Yeah… I'm serious!
Rock Paper Scissors!
I know all the other trading educators are talking about poker and the lessons it provides in position sizing and trader psychology. I'd love to sound really cool as well and talk about No-Limit Hold 'em, or Aces over Kings, or all manner of other great-sounding terms. But the fact is that I don't know the first thing about poker. And I figure I'm not the only one.
So, here's one for all of us non-poker nerds… a game that everyone should know, which also provides an excellent lesson for traders.
If you're not familiar with Rock Paper Scissors, check out Wikipedia or the World RPS Society website. That's right… there is a worldwide body dedicated to the promotion of this game, the standardisation of its rules and to overseeing the annual International World Championships.
Essentially, Rock Paper Scissors is a game that is widely used for decision making or solving disputes. Two players simultaneously deliver a hand signal representing either a rock (clenched fist), scissors (as per rock, but with the index and middle finger extended representing the two blades of a pair of scissors) or paper (open palm facing down).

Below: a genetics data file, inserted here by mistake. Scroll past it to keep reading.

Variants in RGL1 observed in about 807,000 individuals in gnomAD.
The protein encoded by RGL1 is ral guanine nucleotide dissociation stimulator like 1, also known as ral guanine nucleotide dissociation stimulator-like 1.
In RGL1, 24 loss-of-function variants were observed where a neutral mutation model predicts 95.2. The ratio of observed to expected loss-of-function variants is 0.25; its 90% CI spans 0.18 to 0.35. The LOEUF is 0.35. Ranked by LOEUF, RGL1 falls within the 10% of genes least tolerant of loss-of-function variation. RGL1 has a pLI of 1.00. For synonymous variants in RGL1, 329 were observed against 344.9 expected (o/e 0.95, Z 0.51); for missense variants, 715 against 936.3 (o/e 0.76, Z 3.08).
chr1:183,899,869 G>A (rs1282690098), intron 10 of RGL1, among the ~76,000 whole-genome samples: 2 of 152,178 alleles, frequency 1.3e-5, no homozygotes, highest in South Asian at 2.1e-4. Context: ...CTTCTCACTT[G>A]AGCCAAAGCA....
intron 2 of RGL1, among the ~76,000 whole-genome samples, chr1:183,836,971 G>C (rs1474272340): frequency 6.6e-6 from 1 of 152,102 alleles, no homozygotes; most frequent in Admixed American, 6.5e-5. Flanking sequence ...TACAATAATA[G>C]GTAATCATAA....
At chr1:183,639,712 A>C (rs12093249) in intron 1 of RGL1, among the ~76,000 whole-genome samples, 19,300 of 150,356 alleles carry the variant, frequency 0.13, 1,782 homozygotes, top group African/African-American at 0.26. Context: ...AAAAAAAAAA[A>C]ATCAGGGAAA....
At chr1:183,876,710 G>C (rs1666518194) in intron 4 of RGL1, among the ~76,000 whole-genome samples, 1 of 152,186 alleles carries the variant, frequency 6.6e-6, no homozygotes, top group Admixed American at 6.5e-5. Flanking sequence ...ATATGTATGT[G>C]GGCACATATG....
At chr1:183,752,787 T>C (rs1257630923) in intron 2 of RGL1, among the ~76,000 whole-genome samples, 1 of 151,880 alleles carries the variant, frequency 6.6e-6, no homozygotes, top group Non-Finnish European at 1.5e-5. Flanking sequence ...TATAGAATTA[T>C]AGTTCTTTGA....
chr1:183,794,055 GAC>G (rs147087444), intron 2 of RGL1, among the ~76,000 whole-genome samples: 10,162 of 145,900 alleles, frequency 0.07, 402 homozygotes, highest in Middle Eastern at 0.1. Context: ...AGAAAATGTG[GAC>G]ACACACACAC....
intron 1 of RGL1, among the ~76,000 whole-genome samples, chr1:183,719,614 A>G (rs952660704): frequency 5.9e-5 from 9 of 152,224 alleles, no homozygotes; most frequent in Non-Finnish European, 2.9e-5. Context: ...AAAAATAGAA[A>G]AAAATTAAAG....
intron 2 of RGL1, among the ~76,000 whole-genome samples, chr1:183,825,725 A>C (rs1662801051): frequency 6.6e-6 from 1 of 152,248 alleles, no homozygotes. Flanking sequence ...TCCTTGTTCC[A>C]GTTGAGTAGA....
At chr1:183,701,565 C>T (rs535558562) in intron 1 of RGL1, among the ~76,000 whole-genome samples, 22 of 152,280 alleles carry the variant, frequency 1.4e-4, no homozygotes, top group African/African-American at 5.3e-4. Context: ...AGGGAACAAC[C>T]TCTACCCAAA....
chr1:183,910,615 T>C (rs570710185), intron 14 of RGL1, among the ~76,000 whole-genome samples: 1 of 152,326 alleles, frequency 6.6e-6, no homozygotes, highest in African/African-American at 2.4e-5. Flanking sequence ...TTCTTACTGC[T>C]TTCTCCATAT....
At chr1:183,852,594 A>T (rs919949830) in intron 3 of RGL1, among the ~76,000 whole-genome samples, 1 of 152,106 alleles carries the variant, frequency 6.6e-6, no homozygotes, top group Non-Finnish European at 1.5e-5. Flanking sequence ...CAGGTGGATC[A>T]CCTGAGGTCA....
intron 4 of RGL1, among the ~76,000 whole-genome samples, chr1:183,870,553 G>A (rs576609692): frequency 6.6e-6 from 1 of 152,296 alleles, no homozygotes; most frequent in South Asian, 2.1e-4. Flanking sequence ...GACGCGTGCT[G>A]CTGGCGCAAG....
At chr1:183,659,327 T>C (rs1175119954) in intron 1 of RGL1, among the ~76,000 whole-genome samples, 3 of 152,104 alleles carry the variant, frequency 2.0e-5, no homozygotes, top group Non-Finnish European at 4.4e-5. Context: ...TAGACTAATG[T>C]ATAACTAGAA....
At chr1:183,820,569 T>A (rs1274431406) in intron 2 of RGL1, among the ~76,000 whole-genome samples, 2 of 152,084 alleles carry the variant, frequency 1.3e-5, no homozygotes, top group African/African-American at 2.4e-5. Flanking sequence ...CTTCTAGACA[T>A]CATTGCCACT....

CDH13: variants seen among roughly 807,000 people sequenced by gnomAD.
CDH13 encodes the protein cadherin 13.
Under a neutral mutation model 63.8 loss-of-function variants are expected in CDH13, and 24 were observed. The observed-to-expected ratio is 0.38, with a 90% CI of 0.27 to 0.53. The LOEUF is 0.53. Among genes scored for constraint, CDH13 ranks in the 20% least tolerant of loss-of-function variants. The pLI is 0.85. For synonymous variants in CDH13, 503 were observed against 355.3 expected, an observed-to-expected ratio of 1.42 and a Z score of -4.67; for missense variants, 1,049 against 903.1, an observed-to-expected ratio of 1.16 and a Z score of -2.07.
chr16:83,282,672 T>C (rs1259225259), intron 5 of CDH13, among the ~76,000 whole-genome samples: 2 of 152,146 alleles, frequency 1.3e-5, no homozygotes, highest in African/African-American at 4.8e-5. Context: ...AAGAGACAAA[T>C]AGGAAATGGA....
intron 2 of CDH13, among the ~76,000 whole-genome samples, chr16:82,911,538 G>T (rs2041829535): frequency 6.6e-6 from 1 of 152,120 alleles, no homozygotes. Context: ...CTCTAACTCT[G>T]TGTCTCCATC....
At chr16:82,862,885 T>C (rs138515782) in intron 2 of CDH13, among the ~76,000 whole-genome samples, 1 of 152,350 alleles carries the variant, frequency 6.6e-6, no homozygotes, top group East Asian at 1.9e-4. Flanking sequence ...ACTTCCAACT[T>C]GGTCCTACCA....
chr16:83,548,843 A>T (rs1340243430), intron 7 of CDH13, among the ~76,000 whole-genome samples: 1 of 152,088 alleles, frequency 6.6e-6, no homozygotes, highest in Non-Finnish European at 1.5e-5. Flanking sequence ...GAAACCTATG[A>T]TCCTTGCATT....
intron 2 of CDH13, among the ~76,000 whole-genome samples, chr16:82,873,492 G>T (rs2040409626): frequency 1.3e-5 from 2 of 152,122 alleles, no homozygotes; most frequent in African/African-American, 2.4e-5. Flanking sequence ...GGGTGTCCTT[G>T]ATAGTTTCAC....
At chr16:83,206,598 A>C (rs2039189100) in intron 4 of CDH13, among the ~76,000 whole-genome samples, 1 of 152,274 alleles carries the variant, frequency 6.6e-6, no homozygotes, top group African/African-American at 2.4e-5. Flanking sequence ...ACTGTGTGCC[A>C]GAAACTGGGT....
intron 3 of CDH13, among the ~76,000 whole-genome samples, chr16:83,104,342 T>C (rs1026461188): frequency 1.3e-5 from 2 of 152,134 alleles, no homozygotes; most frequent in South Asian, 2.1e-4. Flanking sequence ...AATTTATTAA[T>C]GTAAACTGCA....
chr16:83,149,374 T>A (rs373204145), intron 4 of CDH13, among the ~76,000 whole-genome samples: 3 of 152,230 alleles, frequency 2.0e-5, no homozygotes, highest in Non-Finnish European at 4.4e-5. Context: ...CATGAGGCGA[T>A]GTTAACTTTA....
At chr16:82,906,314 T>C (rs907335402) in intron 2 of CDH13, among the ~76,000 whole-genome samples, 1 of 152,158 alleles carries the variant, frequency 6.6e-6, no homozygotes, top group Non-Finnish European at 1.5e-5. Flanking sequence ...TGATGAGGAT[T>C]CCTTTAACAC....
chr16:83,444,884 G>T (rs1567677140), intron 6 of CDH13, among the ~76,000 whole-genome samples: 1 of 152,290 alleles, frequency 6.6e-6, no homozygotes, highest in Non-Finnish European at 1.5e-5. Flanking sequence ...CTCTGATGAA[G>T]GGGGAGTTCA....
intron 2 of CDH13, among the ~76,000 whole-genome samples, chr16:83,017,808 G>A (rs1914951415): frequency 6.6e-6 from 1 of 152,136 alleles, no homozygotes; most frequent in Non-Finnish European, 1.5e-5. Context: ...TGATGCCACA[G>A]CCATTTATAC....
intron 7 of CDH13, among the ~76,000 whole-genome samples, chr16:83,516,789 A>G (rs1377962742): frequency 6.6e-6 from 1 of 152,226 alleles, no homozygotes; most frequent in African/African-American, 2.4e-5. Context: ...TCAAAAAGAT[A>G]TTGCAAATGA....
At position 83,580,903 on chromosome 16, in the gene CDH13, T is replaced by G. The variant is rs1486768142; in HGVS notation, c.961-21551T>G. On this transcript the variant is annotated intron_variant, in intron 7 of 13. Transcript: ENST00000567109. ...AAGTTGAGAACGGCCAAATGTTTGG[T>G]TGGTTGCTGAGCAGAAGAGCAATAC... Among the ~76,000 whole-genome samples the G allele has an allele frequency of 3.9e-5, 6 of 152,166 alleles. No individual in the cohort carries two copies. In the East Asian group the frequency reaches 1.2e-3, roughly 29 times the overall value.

- Rock breaks scissors.
- Scissors cut paper.
- Paper covers rock.
Typically, in an informal setting the winner will be determined by the best out of three throws, although you may from time to time see a single throw, sudden-death game. If you aspire to attending the World RPS championships, the winner is determined by the best out of three sets, each set being won by the best out of three throws.
If you're confused, don't worry – personal Rock Paper Scissors trainers are available.
So, how does Rock Paper Scissors relate to trading?
Let's first examine the nature of the game. On the surface the result of each game appears to be random. Basically a coin toss, but with three outcomes instead of two – win, lose or draw. On closer examination though you'll recognize that the reality is much different. Unlike a coin toss, the outcome of each game depends on decisions made by the human participants.
And human decision making is NEVER random, particularly when there are high stakes involved.
Your decision about whether to throw rock, paper or scissors, will largely be influenced by your beliefs about your competitors decision. If you know what they're likely to throw, you'll adjust your throw to ensure it beats their choice.